The kitchen reeked of fish and Air Wick, and So­nia could see her breath in the front room, so she went into the liv­ing-room.

Her dad glanced up from the evening pa­per. “Much home­work, love?” “French trans­la­tion and an es­say.”

He nod­ded.

“I just want to say I saw you this af­ter­noon, on the square.”

So­nia froze. Her dad

worked in the coun­cil of­fices next to the li­brary.

“It’s OK, love. I was court­ing your mam when she was six­teen. But you’re aim­ing for col­lege. Don’t ne­glect your stud­ies, that’s my ad­vice.” He be­gan read­ing again.

She won­dered what he’d think if he knew Ist­van’s back­ground. Her mother would be fu­ri­ous to see her in school uni­form, talk­ing to a boy, what­ever his na­tion­al­ity.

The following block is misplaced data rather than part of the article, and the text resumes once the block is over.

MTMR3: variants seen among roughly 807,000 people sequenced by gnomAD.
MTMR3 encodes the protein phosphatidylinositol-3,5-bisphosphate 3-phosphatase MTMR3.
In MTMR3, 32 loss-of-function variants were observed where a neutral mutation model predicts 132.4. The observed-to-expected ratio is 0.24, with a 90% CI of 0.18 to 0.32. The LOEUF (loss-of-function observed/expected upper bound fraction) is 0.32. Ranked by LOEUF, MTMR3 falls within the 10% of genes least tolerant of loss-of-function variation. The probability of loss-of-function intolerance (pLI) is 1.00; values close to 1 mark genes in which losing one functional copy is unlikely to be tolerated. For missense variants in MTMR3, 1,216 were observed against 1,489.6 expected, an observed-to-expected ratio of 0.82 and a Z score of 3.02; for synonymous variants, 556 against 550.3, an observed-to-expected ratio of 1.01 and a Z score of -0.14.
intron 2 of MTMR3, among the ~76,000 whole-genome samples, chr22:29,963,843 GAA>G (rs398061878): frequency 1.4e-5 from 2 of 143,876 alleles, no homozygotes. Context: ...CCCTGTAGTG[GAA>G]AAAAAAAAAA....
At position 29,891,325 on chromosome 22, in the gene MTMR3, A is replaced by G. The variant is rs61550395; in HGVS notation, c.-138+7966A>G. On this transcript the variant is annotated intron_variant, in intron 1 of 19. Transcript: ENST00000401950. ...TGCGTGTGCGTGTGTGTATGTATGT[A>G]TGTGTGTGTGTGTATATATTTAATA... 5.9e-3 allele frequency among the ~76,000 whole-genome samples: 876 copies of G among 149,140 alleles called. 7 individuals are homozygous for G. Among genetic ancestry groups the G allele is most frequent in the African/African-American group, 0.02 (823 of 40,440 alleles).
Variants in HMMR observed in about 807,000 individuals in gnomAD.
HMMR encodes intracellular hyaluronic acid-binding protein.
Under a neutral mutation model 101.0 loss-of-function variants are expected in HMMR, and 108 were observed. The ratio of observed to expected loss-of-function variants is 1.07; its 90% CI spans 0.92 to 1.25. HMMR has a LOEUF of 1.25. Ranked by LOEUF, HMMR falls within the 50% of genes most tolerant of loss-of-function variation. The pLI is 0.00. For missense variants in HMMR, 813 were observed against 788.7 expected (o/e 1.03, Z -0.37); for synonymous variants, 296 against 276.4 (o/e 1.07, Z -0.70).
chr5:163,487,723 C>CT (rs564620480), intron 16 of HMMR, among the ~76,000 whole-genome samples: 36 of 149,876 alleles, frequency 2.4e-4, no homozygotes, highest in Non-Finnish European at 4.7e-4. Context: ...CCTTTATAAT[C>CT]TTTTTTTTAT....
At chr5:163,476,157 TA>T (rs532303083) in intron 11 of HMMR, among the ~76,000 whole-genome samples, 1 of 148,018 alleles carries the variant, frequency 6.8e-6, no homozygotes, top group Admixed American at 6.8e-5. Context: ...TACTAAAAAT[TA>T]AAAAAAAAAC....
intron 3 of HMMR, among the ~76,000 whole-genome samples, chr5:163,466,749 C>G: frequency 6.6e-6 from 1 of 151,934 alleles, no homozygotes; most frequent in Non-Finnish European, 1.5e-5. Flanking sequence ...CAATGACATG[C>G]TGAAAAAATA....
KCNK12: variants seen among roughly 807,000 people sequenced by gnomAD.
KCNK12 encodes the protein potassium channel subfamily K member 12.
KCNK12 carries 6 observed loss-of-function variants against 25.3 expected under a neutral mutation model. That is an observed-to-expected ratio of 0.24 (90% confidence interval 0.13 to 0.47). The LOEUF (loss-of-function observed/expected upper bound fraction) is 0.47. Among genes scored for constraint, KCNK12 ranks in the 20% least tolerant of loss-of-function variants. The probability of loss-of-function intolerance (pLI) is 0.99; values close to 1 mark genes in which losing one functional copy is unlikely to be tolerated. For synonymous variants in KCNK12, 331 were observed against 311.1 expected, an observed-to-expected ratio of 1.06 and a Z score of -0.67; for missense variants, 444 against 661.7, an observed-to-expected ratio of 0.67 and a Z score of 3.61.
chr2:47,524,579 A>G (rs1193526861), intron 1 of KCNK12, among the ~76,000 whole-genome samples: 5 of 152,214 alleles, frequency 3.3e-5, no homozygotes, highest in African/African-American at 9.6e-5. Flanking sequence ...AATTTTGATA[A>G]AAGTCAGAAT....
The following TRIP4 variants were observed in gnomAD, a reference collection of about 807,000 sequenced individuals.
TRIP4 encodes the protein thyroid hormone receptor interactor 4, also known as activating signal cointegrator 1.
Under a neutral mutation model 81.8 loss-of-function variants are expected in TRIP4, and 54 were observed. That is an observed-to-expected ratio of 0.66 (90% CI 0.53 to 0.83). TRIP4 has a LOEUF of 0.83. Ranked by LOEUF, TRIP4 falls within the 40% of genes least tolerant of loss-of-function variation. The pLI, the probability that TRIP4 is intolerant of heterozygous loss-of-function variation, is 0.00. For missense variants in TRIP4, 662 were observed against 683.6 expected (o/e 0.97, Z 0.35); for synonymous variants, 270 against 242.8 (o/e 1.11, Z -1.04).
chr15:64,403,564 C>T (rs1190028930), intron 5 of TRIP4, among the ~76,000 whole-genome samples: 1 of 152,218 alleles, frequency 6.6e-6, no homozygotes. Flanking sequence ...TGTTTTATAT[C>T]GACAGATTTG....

So­nia opened her text­book.

On Satur­day at two, Ist­van waited out­side the li­brary, his smile al­most eras­ing the sad­ness in his eyes.

He’d swapped his dun­ga­rees for jeans, flan­nel shirt with boot­lace tie and a shabby tweed jacket. So­nia wore grey slacks and a cream polo neck jumper be­neath her school mack­in­tosh.

Driz­zle blurred the Bris­tol Chan­nel so she car­ried her books in a tan leather bucket bag.

“Can you bor­row ev­ery book?”

“Not all at once.” Ist­van smiled again. “Could I be­come reader?” “If you fancy a book I’ll bor­row it, but you must get it back to me by a fort­night to­day.”

“Too long. We meet again, next Satur­day?”

His voice sent flut­ters through her body. In a mat­ter of days, she’d earned 100 lines, in­her­ited Fred As­taire’s danc­ing pumps and ac­quired a boyfriend.

She smiled shyly and led Ist­van to “Fic­tion A-E”.

Prac­tis­ing steps with Denise kept So­nia busy for sev­eral lunch hours.